The reports flowing out of Iraq about US soldiers killing civilians are absolutely overwhelming. Coming on the heels of the Haditha publicity (or rather, in the midst of it) comes a report from the BBC of yet another alleged massacre:
The BBC has uncovered new video evidence that US forces may have been responsible for the deliberate killing of 11 innocent Iraqi civilians.
The video appears to challenge the US military’s account of events that took place in the town of Ishaqi in March.
The US said at the time four people died during a military operation, but Iraqi police claimed that US troops had deliberately shot the 11 people.
A spokesman for US forces in Iraq told the BBC an inquiry was under way.
It’s every day now.
Are these new allegations true? We have no way to know… but the composite picture these accusations are painting is downright frightening.
It’s hard indeed to remain composed in the face of this news onslaught, I agree. Calls for the US to “pull out immediately” are rising, and people are understandably upset. However, hysterical hyperbole will not help anyone (it almost never does).
We need to take a big step back. (Breathe, two three…. breathe, two, three….)
Better? K – let’s move on…. cautiously.
Yesterday, Iraq’s prime minister asserted himself publicly, stating that coalition troops (led by the US) are committing daily atrocities against civilians. Whether that’s true or not is something we need to confront here at home, but what’s immediately important is what this means in Iraq, for the country and its government.
BAGHDAD, Iraq, June 1 — Denouncing what they called repeated acts of violence by American forces against innocent civilians, Iraq’s top leaders said today that they would demand that American officials turn over their investigative files on the Iraq deaths in Haditha as they vowed to conduct their own inquiry.
The demand represented a unusual declaration for a new government that remains desperately dependent on American forces to keep some form of order in the country as a resilient insurgency and widespread sectarian violence have pushed it to the brink of civil war.
The move also came as the new Iraqi prime minister, Nuri Kamal al-Maliki, lashed out at the American military in the harshest terms anyone in his office has so far used to condemn what he characterized as habitual atrocities against Iraqi civilians.
Many are seeing al-Maliki’s statements yesterday as “turning on” the United States; that he has, in effect, declared war on our troops.
Polimom’s not convinced. I’m more inclined, actually, to think the PM is trying to unify the country by taking charge. By stepping up to the plate to lead (as one might expect a government to do), he’s effectively taking up the reins of his government.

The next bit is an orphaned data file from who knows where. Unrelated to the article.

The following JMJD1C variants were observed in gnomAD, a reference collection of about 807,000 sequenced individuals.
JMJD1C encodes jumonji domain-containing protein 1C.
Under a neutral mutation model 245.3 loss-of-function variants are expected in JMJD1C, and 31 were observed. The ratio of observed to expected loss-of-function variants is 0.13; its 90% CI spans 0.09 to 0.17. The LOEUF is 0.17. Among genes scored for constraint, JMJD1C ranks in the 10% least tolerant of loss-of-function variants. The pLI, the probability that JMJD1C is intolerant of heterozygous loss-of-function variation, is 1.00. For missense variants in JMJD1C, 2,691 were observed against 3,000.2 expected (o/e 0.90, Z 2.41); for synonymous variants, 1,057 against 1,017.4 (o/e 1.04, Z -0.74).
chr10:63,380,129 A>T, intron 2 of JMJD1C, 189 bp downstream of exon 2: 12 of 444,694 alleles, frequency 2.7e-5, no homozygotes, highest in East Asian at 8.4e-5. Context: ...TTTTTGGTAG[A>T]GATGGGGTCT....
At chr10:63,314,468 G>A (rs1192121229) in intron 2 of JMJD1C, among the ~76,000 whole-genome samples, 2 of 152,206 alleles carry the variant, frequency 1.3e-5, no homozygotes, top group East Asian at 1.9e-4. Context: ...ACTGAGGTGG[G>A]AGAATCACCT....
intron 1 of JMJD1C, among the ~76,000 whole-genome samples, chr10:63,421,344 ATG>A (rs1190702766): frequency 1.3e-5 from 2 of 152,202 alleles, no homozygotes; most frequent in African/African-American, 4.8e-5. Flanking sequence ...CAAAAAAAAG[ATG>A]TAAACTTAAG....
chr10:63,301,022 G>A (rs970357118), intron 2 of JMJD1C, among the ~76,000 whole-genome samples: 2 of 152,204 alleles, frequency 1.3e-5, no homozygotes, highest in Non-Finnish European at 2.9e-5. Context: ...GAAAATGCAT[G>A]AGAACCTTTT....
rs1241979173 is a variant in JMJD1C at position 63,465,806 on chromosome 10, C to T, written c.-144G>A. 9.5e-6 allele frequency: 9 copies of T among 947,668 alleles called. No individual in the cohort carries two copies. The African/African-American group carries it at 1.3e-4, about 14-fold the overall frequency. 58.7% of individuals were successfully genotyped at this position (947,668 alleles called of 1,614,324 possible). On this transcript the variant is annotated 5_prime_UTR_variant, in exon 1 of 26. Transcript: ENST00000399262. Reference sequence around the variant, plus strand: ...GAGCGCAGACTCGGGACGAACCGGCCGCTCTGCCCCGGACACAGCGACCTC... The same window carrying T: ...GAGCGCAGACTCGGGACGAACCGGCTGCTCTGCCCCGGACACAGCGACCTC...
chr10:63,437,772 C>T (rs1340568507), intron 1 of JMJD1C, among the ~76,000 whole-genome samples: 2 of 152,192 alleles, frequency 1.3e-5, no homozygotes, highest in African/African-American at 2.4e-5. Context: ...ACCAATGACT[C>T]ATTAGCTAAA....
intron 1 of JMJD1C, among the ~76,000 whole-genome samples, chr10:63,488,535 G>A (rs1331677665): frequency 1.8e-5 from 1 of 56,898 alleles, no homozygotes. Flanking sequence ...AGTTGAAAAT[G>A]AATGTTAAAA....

Remember, reported events in both Haditha and Ishaqi occurred months ago, not yesterday. Whatever turns out to have gone on, it isn’t new news in Iraq; it’s only new to us. Rising levels of hostility and resentment don’t date from last week; they’ve been increasing for months.
Today, Reuters reports further assertion of leadership by Iraq’s new government:
Iraq’s prime minister said on Friday that military force should only be used as a last resort in Ramadi, a western town where the U.S. military says al Qaeda militants have gained ground.
Asked if he would be prepared to launch a major offensive in the town, Nuri al-Maliki told reporters: “We are trying to reach reconciliation with the people of Ramadi.”
“Force will only be used as a last resort, but if all other measures fail we will use force,” he said.
We need to recall the purpose – today – of this exercise (NO, I don’t wish to rehash the ramp-up into Iraq): To assist Iraq in establishing a democratic government. If Iraq’s prime minister is assuming the mantle, Polimom thinks that’s as good an outcome as we could ask for from all this.
Iraq’s government should be directing events in their own country, and we should be moving into a support role for their efforts. If these most recent statements from al-Maliki indicate a stronger hand, then I, for one, hope the coalition forces (read: the US leadership) can shift their footing.
I have to say that sitting here in the remote wilds of Katy, TX, it’s hard to know… but whether the PM decides that he’s going to drive the bus, or that the US troops are such a liability that they must leave, then that’s the answer. It’s their country.
Would I have preferred to see Iraq more stable before this came up? Yes yes yes… but they’re not, and here we are.
Polimom hopes we’ll support his efforts rather than oppose them.
As bad as everything looks and sounds right now, these are the thoughts Polimom is holding onto.
(Breathe, two, three…)
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Update: ABC News reports that the Ishaqi allegations have been investigated by the military, and were determined to be unfounded.
Horrific images of Iraqi adults and children have fueled new allegations that U.S. troops killed civilians in the Iraqi town of Ishaqi. But ABC News has learned that military officials have completed their investigation and concluded that U.S. forces followed the rules of engagement.A senior Pentagon official told ABC News the investigation concluded that the allegations of intentional killings of civilians by American forces are unfounded.
Rick Moran at Right Wing Nut House has more, and is wondering what the BBC is doing.
Myself, I think it’s danged hard to have a clue what’s really going on. Back to the lotus position for Polimom.